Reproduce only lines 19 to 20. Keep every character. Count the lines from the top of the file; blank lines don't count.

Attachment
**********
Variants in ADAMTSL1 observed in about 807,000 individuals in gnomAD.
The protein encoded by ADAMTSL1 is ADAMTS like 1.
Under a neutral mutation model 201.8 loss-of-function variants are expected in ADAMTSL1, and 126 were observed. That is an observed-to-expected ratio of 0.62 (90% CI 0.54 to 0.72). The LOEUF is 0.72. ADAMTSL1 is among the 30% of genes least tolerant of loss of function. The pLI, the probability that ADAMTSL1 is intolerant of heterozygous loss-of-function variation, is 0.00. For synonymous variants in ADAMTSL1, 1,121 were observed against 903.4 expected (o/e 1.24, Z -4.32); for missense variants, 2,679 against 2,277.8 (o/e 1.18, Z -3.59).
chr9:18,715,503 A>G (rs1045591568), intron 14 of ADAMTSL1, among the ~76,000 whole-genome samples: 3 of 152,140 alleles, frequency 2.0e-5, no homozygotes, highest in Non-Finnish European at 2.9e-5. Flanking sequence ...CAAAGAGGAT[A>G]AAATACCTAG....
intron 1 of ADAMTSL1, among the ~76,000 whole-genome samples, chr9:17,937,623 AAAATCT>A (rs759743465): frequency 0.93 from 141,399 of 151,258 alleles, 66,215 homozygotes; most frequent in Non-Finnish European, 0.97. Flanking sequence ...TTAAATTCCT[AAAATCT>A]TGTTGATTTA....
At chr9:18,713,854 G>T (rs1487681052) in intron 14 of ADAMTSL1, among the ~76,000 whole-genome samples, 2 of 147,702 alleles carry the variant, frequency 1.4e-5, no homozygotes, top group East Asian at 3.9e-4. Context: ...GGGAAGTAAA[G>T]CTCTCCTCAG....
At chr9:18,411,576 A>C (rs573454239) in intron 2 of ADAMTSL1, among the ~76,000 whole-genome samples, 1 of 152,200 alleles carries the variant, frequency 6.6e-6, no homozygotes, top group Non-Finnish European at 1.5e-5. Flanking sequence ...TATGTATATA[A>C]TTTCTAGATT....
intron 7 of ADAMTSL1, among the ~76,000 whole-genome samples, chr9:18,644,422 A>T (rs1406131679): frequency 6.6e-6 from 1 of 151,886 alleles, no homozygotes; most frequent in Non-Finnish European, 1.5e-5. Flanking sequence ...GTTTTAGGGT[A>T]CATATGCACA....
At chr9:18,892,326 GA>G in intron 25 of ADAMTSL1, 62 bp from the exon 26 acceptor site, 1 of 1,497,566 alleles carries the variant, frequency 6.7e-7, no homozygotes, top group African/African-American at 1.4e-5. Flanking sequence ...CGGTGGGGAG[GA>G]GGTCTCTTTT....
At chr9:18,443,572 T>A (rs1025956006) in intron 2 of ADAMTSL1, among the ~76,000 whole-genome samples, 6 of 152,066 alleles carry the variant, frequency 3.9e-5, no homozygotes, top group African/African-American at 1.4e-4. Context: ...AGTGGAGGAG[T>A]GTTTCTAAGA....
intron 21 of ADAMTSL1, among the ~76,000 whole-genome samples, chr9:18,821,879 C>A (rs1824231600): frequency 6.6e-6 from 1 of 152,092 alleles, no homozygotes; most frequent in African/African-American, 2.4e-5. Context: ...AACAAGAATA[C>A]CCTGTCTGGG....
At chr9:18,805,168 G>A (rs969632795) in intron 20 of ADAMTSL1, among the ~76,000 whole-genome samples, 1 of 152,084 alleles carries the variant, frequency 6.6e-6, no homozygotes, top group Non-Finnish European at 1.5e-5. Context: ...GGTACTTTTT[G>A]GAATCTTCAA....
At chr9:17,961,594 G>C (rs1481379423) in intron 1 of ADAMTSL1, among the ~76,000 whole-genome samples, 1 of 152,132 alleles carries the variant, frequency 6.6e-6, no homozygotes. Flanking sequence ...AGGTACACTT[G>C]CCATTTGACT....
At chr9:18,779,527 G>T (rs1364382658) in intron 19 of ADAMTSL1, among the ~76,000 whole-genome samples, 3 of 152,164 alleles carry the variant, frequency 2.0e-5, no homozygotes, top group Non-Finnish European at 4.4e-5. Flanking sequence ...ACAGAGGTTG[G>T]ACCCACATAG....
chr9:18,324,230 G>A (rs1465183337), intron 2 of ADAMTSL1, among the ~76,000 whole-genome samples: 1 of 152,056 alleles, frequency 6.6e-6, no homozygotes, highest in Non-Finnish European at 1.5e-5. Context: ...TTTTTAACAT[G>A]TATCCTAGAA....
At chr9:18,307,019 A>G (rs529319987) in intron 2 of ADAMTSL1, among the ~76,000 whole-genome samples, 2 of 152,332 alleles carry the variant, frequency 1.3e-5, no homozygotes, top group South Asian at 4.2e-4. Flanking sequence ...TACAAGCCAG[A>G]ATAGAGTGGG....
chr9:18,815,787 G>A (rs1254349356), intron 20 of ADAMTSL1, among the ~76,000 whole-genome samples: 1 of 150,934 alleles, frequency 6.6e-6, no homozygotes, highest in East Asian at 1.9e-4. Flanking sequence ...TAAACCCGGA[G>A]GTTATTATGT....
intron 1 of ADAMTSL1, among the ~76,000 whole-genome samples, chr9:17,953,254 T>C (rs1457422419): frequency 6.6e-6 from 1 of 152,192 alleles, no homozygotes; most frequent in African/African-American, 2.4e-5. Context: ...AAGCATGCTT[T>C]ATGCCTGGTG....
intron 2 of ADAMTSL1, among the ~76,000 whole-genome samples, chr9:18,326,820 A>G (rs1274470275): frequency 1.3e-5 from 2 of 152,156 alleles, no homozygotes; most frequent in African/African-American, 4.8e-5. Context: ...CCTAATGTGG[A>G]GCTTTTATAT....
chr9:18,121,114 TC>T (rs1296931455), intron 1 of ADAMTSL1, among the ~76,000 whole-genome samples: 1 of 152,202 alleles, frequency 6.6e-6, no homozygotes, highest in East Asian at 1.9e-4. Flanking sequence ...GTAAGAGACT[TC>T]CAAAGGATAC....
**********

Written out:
intron 2 of ADAMTSL1, among the ~76,000 whole-genome samples, chr9:18,326,820 A>G (rs1274470275): frequency 1.3e-5 from 2 of 152,156 alleles, no homozygotes; most frequent in African/African-American, 4.8e-5. Context: ...CCTAATGTGG[A>G]GCTTTTATAT....
chr9:18,121,114 TC>T (rs1296931455), intron 1 of ADAMTSL1, among the ~76,000 whole-genome samples: 1 of 152,202 alleles, frequency 6.6e-6, no homozygotes, highest in East Asian at 1.9e-4. Flanking sequence ...GTAAGAGACT[TC>T]CAAAGGATAC....